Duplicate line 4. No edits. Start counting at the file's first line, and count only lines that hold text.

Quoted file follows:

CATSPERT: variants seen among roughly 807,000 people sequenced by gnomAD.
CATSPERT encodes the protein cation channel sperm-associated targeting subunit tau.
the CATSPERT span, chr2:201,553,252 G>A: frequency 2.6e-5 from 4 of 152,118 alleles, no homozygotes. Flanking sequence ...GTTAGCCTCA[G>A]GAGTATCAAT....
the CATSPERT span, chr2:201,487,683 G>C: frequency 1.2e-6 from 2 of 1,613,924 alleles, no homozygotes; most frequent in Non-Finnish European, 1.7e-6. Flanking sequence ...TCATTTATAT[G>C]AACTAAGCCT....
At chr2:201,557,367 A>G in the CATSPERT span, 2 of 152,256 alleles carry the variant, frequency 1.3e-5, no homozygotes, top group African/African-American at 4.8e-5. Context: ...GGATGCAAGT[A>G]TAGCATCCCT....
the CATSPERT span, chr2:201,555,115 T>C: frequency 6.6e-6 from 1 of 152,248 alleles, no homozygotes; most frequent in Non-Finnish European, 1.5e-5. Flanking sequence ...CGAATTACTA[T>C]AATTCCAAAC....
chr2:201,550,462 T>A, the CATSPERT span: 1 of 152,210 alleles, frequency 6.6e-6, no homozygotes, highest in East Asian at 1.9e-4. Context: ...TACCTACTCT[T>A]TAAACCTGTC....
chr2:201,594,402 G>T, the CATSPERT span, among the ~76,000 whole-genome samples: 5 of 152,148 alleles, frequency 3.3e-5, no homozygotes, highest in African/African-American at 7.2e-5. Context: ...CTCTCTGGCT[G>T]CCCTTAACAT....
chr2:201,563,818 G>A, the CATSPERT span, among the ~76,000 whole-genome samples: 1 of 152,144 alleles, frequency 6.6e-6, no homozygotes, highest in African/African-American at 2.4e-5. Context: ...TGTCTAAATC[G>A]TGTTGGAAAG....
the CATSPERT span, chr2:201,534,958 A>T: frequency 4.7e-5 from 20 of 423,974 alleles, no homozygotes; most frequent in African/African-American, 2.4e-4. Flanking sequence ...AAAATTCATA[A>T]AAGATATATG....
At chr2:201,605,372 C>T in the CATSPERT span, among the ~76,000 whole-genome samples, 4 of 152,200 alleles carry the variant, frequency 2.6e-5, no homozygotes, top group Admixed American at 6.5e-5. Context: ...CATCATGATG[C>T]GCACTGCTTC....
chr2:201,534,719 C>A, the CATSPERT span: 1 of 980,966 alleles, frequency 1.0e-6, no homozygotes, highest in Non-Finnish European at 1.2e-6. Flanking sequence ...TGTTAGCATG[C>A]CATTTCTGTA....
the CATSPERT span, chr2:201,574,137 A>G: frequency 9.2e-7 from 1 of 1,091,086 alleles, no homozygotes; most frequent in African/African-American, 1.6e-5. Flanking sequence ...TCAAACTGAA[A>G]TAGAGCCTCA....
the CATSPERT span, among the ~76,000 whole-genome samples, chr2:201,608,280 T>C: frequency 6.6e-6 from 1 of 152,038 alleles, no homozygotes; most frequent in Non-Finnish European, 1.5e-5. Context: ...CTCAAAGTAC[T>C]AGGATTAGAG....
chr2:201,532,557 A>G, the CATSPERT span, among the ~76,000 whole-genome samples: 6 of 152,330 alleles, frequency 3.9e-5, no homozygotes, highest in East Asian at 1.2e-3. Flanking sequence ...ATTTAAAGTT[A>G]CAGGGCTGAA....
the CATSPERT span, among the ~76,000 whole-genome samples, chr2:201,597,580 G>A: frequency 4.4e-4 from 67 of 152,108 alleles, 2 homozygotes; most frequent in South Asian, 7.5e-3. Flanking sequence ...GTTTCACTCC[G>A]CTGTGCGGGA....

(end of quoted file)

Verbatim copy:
the CATSPERT span, chr2:201,487,683 G>C: frequency 1.2e-6 from 2 of 1,613,924 alleles, no homozygotes; most frequent in Non-Finnish European, 1.7e-6. Flanking sequence ...TCATTTATAT[G>C]AACTAAGCCT....